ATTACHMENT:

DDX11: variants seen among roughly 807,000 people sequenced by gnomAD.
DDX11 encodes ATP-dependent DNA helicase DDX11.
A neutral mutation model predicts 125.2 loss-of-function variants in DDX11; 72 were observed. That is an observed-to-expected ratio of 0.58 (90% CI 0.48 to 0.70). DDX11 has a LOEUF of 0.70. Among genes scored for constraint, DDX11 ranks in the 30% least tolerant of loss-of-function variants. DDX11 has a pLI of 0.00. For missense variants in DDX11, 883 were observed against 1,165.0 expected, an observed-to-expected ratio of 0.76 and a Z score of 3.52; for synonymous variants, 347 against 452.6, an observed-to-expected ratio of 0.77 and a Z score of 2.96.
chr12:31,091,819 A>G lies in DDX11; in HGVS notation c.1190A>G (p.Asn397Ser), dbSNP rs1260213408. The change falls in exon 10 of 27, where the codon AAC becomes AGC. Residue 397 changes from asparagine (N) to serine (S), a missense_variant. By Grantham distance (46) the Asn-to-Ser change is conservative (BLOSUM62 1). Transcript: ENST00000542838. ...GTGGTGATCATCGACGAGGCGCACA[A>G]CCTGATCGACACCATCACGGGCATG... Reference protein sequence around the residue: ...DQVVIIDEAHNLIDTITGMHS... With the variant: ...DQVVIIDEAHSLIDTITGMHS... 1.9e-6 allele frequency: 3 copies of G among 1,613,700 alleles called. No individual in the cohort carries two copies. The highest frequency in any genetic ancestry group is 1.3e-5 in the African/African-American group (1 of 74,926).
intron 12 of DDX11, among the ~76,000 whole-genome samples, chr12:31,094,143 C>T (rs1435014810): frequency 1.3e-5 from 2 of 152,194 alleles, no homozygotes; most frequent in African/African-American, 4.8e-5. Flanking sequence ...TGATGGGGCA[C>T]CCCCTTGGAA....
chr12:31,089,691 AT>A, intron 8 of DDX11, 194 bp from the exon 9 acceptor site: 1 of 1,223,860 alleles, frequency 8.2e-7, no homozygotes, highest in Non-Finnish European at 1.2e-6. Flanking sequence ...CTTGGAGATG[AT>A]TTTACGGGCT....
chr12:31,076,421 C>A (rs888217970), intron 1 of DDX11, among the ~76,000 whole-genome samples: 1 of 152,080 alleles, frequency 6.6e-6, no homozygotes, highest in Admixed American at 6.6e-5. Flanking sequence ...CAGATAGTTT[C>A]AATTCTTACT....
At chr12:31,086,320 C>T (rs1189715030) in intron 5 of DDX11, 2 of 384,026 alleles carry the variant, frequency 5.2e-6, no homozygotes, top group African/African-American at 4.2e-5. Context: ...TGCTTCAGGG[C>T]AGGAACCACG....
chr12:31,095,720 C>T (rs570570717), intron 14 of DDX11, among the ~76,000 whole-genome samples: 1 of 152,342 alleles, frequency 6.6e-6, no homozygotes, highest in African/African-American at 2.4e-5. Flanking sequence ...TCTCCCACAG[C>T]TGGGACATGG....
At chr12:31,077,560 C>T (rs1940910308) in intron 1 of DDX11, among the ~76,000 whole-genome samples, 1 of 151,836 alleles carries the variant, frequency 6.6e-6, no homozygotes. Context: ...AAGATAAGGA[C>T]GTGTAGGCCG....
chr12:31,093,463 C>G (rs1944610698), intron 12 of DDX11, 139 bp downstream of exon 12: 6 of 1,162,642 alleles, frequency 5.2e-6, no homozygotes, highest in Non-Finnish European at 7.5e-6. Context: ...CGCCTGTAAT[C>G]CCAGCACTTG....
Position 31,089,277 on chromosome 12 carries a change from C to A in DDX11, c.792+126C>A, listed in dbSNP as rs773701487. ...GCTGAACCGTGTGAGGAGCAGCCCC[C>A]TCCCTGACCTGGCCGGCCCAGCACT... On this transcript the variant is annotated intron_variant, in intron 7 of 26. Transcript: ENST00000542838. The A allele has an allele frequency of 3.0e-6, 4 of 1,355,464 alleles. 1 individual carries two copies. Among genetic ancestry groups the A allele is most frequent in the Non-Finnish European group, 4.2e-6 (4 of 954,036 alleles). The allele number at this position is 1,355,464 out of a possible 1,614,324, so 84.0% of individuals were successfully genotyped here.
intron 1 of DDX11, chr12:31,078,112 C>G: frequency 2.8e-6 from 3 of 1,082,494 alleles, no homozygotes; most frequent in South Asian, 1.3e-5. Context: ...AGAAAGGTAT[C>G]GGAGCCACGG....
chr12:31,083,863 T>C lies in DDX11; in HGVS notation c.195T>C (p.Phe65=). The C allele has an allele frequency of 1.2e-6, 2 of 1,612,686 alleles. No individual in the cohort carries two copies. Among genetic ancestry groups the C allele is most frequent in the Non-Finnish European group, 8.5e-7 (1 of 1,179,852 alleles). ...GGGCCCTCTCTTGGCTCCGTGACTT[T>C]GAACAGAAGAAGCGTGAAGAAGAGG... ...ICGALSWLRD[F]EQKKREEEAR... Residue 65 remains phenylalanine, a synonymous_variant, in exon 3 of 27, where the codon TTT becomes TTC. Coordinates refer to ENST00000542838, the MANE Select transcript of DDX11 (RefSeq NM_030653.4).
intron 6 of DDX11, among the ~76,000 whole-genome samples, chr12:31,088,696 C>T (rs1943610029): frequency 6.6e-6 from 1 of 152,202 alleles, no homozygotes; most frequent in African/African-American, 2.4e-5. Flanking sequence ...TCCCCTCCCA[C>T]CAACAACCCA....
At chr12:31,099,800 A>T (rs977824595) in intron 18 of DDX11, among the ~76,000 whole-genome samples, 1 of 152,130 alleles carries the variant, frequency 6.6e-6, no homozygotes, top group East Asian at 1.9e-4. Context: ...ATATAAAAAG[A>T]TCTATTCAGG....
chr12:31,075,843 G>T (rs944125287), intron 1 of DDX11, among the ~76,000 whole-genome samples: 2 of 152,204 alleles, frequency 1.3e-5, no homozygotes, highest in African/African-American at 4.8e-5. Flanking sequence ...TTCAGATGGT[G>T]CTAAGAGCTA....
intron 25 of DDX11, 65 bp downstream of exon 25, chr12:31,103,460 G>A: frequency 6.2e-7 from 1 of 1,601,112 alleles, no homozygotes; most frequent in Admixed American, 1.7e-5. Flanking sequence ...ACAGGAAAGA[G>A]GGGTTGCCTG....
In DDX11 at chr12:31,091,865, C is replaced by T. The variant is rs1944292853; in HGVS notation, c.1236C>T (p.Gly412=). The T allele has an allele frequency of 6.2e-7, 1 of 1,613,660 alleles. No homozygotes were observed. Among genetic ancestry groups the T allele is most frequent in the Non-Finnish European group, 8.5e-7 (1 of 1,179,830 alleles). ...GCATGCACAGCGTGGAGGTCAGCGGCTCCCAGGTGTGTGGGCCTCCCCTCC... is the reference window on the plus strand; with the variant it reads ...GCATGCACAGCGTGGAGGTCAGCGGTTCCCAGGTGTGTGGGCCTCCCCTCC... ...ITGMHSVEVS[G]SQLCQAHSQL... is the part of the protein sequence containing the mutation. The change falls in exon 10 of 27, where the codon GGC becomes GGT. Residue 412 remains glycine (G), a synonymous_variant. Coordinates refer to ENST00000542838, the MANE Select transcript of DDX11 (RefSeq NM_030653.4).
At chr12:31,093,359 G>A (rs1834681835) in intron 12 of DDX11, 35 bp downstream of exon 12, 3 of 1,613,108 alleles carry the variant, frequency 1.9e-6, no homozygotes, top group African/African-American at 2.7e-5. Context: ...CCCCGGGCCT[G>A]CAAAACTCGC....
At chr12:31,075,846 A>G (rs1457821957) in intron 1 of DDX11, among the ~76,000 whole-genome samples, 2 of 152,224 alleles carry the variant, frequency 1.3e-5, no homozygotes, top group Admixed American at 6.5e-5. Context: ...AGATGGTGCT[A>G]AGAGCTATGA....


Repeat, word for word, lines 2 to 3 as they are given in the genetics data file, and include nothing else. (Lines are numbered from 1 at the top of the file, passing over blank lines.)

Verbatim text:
DDX11 encodes ATP-dependent DNA helicase DDX11.
A neutral mutation model predicts 125.2 loss-of-function variants in DDX11; 72 were observed. That is an observed-to-expected ratio of 0.58 (90% CI 0.48 to 0.70). DDX11 has a LOEUF of 0.70. Among genes scored for constraint, DDX11 ranks in the 30% least tolerant of loss-of-function variants. DDX11 has a pLI of 0.00. For missense variants in DDX11, 883 were observed against 1,165.0 expected, an observed-to-expected ratio of 0.76 and a Z score of 3.52; for synonymous variants, 347 against 452.6, an observed-to-expected ratio of 0.77 and a Z score of 2.96.